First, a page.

A. Actual payment of the benefits is usually deferred until a predetermined date or until the employment relationship is terminated due to retirement, death or disability. The phantom stock plan must specify when the phantom stock payments should commence, at which point a valuation of the units is generally triggered as described above. In addition, the plan should state whether payment of the determined value should be made in a single lump sum or in installments over a period of years. If made in installments, the plan should also specify whether interest will accrue on the unpaid installments. When designing these provisions, the company should take into account  possible phantom stock valuations and company cash flow. It should be noted that even if payments are made after the recipient terminates service, the nature of the payment is generally still compensation for individuals who were employees prior to termination.

Q. How is phantom stock treated for income tax purposes?

A. Phantom stock plans are deferred compensation plans and, as such, the plans must be designed and documented to conform to the requirements of section 409A. For income tax purposes, if the plan is compliant with section 409A, the deferred compensation attributable to the phantom stock will not be subject to income taxation to the employee until it is actually paid to, and received by, the executive. At the time the payment becomes taxable, the company can deduct a corresponding amount (subject to general limitations with respect to the amount being reasonable and not excessive). However, unlike actual stock for which the increase in value on a disposition may be eligible for favorable capital gains taxation, the value of the phantom stock paid to the employee is taxable as ordinary income. Companies should ensure compliance with section 409A prior to a plan becoming effective to ensure these tax results occur. A violation of the rules could cause taxation of and the assessment of penalties related to the income prior to actual receipt by the employee.

Q. What are the payroll tax consequences of phantom stock?

A. For Federal Insurance Contributions Act (FICA), deferred compensation is includible as wages in the later of (1) the year in which the related services are performed, or (2) the year in which the deferred compensation becomes vested. The plan vesting and forfeiture provisions determine whether the executive’s rights are vested. As the phantom stock units become vested, the value of the phantom stock units is includible as wages subject to FICA and Medicare taxes. This is the case even though the amounts are not subject to income tax until actually paid to the employee. If the employee base pay (before the phantom stock) exceeds the FICA wage base, no additional FICA tax would be assessed on the phantom stock payments. However, the company and the employee would each be subject to Medicare payroll tax since the Medicare tax is imposed on total wages, without any wage cap.

Q. Can entities taxed as partnerships use phantom stock?

A. Although partnerships do not have common stock, entities taxed as partnerships can implement plans very similar to phantom stock plans. In the case of a partnership, however, the value of a phantom unit would be tied to partnership equity value rather than common stock value. All other aspects of the plan would be the same. Because the phantom units are not actual equity in the partnership, such a plan should not raise any concerns over partners being considered employees.

Q. What should a company consider when designing a phantom stock plan?

A. Because a phantom stock plan is a nonqualified deferred compensation plan, companies have a lot of flexibility in plan design. Companies should address the following when formulating aspects of the written plan:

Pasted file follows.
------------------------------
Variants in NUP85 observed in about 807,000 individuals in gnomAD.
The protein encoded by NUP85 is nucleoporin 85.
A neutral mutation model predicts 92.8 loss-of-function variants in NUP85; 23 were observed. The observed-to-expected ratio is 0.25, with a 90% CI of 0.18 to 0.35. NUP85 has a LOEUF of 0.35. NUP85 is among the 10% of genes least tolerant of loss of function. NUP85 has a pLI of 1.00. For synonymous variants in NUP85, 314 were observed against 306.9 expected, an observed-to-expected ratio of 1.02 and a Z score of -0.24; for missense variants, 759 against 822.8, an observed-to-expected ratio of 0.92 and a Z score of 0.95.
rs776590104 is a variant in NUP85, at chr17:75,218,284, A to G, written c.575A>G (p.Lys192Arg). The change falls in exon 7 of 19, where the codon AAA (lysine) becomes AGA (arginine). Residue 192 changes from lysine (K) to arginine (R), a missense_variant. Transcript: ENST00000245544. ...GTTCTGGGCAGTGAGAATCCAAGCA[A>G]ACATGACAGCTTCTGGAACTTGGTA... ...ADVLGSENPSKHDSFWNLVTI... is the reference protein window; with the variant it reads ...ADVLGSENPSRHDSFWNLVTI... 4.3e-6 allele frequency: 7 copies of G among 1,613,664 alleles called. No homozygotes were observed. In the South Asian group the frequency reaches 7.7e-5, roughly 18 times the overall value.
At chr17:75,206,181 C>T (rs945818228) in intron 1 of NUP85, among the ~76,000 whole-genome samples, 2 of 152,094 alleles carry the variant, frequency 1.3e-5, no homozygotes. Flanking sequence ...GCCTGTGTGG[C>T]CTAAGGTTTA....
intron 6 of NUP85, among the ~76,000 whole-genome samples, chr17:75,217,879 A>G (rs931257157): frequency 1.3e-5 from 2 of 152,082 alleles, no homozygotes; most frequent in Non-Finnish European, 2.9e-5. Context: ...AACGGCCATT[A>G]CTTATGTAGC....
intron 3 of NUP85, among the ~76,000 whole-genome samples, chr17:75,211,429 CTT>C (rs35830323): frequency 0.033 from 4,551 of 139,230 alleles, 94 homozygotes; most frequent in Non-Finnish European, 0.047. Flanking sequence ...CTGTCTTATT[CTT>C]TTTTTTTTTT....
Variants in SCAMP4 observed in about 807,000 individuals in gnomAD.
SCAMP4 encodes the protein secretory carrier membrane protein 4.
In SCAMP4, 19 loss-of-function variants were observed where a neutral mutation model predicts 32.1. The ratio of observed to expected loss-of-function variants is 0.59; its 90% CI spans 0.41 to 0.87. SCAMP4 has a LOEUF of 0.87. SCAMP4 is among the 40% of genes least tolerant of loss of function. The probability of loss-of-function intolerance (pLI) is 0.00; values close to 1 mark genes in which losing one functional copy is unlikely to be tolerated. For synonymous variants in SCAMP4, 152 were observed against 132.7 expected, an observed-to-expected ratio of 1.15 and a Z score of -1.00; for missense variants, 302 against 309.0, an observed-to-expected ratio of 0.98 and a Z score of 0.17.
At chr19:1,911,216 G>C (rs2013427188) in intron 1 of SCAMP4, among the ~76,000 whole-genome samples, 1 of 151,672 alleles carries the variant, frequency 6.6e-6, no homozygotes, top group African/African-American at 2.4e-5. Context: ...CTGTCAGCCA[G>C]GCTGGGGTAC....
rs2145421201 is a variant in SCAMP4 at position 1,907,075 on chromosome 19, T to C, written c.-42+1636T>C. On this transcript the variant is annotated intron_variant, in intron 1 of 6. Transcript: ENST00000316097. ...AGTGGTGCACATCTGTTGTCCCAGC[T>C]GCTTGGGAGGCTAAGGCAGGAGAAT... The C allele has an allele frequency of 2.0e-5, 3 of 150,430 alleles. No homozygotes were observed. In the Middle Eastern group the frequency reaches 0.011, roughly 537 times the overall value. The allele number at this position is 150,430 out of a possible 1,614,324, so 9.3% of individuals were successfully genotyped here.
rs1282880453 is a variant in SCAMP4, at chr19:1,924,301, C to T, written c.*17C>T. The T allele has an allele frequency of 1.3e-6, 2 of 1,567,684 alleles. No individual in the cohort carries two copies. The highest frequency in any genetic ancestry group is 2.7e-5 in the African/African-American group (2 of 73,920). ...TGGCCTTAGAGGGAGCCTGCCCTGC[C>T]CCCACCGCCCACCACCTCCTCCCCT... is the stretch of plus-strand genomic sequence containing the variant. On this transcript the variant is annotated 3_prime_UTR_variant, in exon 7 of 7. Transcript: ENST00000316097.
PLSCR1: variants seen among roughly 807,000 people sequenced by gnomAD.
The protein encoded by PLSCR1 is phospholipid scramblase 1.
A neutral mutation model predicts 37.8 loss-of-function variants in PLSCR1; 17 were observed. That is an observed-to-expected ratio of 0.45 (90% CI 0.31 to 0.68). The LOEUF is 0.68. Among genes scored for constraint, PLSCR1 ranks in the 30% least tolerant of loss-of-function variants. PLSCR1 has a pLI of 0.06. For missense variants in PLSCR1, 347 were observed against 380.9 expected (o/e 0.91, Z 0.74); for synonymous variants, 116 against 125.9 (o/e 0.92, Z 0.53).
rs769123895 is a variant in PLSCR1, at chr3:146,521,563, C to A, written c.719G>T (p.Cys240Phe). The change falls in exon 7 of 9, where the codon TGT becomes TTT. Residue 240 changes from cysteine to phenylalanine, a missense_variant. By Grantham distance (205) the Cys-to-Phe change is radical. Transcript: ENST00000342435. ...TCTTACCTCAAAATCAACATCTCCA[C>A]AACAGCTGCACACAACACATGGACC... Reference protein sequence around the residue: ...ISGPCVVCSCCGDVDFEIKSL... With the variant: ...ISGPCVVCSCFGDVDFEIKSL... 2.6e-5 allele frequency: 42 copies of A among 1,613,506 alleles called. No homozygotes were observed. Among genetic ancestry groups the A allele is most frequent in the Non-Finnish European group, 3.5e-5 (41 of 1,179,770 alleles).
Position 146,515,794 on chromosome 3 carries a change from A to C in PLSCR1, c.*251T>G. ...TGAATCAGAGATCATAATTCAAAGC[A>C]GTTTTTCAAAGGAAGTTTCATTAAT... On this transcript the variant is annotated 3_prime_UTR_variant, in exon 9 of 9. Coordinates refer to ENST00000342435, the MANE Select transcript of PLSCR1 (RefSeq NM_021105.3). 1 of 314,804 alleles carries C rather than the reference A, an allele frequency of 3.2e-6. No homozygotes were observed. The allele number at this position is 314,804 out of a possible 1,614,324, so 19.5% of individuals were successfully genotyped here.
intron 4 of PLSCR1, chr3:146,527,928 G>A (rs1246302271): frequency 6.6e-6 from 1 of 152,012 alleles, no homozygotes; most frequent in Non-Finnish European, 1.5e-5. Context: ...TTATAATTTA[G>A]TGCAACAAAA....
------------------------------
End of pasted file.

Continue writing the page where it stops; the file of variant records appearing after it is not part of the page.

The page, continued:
• What are the objectives of the plan?
  • Who will be allowed to participate (think about this in terms of both current and future positions)?
  • What percentage of equity should be dedicated or reserved for this plan?
  • Should participants receive the base value of the units or only participate in growth over and above the base value?
  • Are there targets in mind for what the benefits from the plan should be worth to an executive in three, five, 10 or 15 years given certain performance assumptions?
  • How frequently will phantom units be granted (e.g., a single upfront grant or annual grants)?
  • When will units vest? If units are awarded annually, will each new grant be subject to a fresh vesting schedule?
  • How will the units be valued (i.e., based on a formula or an appraisal)?
  • How will the units be valued if there is a sale, merger, consolidation, or a change in control of the company? How should a change in control be defined?
  • Will special vesting rules apply in the case of death, disability or attainment of a specified normal retirement age?
  • Will any funding mechanism be used to help the company fund its future obligations?
  • Should forfeiture provisions apply if the employee enters into competition with the company or is terminated for cause? How broadly or narrowly should ‘for cause’ be defined?
  • When should the value of the phantom stock units be paid out in cash (e.g., periodically every three to five years, upon termination of employment, only upon a future change in control, or what other events)?
  • Should the payment be made in a lump sum or in installments over a period of years? If payments should be made in installments, over how many years?
  • During the installment payout period, should the balance bear interest? If so, at what rate? Should the phantom stock units pending payment continue to participate in the growth in value of the company?
  • The plan must be designed and documented to conform to section 409A. This may restrict some of the flexibility of the plan design.

Various equity compensation methods, including phantom stock, can provide great incentive to both employees receiving them and the employer providing them through increased engagement that can boost company performance. The attributes of phantom stock should be carefully considered to determine whether it is the right incentive plan to meet a company’s needs.